President Bush has asked Congress for a budget of $7.63 billion for the U.S. Environmental Protection Agency (EPA), Washington, D.C., for fiscal year, 2004. The amount is $10 million more than the fiscal year 2003 budget.
Waste management, restoration of contaminated sites and emergency response accounts for 24.2 percent of the 2004 budget. A $362 million cut from federal contributions to a fund that supplies loans to wastewater treatment plants would allow for increases in other budget areas. For instance, Superfund monies make up a $150 million increase.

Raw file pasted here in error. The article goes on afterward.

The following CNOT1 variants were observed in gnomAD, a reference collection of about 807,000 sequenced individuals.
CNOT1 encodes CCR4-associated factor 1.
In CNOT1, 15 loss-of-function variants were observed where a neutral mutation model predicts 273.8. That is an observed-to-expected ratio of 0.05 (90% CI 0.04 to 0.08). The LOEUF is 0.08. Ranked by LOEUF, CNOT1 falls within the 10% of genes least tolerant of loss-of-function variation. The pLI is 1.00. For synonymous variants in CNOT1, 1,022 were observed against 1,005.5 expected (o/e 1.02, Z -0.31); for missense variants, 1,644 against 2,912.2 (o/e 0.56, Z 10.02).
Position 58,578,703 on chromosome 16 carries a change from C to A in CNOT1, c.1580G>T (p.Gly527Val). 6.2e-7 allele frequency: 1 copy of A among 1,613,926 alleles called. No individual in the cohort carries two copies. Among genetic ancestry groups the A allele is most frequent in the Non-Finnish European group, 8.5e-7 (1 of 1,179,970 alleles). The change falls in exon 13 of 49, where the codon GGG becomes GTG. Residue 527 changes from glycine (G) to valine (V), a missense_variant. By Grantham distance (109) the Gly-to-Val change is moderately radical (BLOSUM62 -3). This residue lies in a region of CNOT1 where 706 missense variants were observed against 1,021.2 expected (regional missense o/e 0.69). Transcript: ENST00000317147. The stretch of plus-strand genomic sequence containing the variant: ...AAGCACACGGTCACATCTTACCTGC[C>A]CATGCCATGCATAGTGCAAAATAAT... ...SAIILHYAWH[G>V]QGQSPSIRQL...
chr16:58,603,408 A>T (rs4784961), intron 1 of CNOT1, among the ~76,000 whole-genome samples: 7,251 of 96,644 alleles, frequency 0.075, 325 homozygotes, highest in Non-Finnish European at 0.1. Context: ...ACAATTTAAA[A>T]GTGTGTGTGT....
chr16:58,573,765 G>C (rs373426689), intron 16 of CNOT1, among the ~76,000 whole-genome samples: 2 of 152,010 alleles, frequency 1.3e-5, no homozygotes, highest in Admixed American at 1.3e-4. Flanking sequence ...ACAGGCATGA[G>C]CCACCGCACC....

The EPA says the extra Superfund assistance — adding to a program total of $1.39 billion — would allow for 10 to 15 new site cleanups, but the Associated Press reports the EPA is expecting to complete cleanups at 40 sites during fiscal year 2004 — the lowest number since 1991.
The EPA would use $210 million for small-business liability relief, Brownfields revitalization, and for the Environmental Restoration Act, which includes $10 million to provide assistance to states and tribes.
The budget also will cover Resource Conservation and Recovery Act (RCRA) corrective action. According to the EPA, 3,500 industrial facilities require cleanup under the RCRA program, and 1,700 are high priority because of immediate risk to people and/or the environment.